Bernina ‘s Swiss precision is at the heart of every product they make. Known for Quality, Innovation and Design with innovative features that make sewing easier, BERNINA lets you focus on your project―and not the machine. BERNINA’s nationwide network of fully trained independent dealerships provides the highest standard of service, beginning with free guide classes after purchase. Bernina’s giveaway is the world’s first ‘Lady’s Knife’, a complete sewing tool in smart pocketknife form, specially designed for women!
Dubbed the Swiss Sewessential, this ultimate sewing accessory consists of 17 superbly crafted individual tools, including a special rotary knife, awl and hem-measure. Incredible? Yes! Fabulous? Even more so!
Heavenly Hostess by Cynthia Waddell, is a line dedicated to upscale aprons and kitchen linens. All Heavenly Hostess products, including beautiful vintage inspired hostess aprons, retro inspired cocktail aprons and vintage inspired halter aprons, are designed and manufactured in Sunny California.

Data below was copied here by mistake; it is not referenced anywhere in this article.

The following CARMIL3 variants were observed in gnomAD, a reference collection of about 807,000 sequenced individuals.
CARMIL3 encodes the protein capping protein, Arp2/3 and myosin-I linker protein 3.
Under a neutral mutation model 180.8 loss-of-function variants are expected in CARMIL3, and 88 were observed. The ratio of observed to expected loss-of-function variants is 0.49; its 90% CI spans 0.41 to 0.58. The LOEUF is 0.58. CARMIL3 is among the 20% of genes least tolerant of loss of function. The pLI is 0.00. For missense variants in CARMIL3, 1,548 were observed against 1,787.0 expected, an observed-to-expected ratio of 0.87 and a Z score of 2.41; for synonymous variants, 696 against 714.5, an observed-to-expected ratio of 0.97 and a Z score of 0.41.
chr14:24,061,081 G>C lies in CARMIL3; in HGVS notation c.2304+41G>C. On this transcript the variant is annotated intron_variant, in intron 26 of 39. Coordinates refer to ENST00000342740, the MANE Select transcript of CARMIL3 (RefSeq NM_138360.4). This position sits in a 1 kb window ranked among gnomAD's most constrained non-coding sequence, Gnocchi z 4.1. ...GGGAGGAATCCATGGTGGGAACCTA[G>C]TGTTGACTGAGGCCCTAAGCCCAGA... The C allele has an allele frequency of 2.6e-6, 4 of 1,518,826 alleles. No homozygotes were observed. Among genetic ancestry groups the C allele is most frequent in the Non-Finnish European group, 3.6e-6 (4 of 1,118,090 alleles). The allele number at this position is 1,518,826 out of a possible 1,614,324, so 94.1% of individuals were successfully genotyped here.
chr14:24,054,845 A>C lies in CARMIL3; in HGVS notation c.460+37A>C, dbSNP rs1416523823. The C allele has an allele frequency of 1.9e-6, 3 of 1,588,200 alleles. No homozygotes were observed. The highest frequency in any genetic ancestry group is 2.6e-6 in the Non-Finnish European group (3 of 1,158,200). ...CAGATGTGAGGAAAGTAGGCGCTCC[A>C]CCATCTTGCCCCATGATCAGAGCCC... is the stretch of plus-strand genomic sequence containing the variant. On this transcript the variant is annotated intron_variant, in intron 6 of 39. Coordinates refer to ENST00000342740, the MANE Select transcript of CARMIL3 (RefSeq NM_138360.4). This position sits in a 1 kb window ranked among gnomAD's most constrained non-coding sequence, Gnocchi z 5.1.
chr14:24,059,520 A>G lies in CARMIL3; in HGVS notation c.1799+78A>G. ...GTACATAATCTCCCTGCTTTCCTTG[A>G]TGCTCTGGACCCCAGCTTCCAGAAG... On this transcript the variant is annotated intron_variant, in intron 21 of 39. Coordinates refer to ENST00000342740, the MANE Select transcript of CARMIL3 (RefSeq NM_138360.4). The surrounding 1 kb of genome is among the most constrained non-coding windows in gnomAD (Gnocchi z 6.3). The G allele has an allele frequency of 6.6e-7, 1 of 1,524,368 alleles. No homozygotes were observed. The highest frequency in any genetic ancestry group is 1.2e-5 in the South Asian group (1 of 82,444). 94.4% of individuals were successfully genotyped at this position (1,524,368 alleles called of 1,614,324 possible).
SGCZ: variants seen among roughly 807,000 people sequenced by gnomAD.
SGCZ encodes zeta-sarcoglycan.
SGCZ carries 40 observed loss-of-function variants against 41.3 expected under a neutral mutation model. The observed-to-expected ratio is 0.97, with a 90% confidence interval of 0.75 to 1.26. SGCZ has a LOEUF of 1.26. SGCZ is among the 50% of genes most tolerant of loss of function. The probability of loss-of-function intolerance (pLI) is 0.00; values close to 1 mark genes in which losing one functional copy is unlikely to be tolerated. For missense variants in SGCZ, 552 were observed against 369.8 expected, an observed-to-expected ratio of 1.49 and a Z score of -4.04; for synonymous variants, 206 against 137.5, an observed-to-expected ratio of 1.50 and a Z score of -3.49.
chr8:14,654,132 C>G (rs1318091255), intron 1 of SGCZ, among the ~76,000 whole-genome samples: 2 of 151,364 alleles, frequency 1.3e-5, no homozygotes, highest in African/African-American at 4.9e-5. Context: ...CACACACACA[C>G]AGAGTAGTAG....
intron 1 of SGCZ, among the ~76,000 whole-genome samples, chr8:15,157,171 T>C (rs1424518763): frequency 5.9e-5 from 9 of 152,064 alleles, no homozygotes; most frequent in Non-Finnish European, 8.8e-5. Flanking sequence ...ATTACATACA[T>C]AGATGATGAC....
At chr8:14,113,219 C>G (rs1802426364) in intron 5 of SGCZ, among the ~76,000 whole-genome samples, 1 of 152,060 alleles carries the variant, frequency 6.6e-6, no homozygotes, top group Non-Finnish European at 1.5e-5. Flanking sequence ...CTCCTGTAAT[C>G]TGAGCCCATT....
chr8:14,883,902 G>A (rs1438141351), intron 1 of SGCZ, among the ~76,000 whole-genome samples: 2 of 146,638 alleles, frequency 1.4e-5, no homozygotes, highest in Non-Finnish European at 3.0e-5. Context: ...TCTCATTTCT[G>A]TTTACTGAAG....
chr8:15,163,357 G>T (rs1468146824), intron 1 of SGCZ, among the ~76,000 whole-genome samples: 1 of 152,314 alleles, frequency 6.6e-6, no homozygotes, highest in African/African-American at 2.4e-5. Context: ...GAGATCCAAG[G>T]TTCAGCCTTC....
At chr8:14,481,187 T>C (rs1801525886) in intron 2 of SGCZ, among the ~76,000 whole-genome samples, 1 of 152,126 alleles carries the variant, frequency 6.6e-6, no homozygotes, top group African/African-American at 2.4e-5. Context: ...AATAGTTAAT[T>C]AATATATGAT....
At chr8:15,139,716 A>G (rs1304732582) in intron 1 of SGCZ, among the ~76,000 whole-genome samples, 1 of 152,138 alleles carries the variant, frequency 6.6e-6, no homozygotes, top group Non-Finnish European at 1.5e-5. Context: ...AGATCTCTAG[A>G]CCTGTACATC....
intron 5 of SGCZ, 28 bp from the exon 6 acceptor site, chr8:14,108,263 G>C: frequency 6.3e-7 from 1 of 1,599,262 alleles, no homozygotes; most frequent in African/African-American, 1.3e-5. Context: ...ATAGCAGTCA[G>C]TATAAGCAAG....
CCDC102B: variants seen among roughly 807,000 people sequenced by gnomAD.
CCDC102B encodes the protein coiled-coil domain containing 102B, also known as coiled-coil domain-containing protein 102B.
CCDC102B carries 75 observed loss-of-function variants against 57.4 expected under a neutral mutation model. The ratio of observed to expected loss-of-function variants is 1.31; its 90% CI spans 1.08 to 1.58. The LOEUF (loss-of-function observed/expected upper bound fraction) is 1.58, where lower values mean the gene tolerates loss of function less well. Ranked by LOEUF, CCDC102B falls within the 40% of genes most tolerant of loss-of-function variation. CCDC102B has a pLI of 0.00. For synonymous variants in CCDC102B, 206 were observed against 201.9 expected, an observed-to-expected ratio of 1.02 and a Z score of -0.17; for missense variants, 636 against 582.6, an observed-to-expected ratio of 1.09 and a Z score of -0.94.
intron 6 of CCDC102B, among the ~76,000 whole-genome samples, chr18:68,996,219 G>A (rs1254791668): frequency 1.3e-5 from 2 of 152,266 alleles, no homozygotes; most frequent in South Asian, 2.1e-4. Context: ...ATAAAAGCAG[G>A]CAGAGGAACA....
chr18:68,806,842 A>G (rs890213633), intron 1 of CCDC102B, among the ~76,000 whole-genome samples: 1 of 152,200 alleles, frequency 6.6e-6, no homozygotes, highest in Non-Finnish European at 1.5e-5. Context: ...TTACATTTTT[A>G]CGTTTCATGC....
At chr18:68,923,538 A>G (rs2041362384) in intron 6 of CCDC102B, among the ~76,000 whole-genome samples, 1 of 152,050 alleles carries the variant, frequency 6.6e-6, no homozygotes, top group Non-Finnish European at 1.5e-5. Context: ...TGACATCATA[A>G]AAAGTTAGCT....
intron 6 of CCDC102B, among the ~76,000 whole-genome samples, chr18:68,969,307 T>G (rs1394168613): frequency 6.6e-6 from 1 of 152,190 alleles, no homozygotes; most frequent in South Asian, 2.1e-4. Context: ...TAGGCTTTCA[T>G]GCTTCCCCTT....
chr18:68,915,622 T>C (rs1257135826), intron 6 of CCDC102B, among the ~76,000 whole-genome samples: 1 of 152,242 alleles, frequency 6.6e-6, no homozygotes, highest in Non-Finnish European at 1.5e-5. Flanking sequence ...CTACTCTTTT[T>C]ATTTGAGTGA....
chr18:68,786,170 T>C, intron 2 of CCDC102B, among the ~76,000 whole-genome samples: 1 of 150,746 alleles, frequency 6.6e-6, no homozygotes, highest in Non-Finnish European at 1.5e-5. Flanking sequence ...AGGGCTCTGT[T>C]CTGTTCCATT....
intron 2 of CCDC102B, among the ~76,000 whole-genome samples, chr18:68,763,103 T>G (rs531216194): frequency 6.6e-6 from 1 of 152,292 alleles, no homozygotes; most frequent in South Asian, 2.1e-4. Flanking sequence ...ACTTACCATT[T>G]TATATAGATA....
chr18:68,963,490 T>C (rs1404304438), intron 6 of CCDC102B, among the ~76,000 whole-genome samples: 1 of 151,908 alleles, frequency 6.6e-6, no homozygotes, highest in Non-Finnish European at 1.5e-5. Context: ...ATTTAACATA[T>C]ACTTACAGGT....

Heavenly Hostess is providing two winners the new Cupcake Cutie reversible halter apron, which Cynthia describes as, “So sweet and perfect for holiday baking and entertaining, Cupcake Cutie is fully reversible and made of fine 100% cotton.”
MikWright is a nationally known greeting card company founded in 1991 by friends Phyllis Wright-Herman and Tim Mikkelsen. You know their brand – they were the first to incorporate vintage snapshots with sharp-witted humor. MikWright is carried in over 2000 retail outlets and has licensed products with Andrews McMeel Publishing, Design Design, Luckie-Street and High Cotton. When MikWright “ties one on,” it usually involves vodka and olives. Accordingly, MikWright is a proud sponsor and supporter of “National Tie One on Day™. For two lucky winners, two bountiful gift boxes of MikWright goods.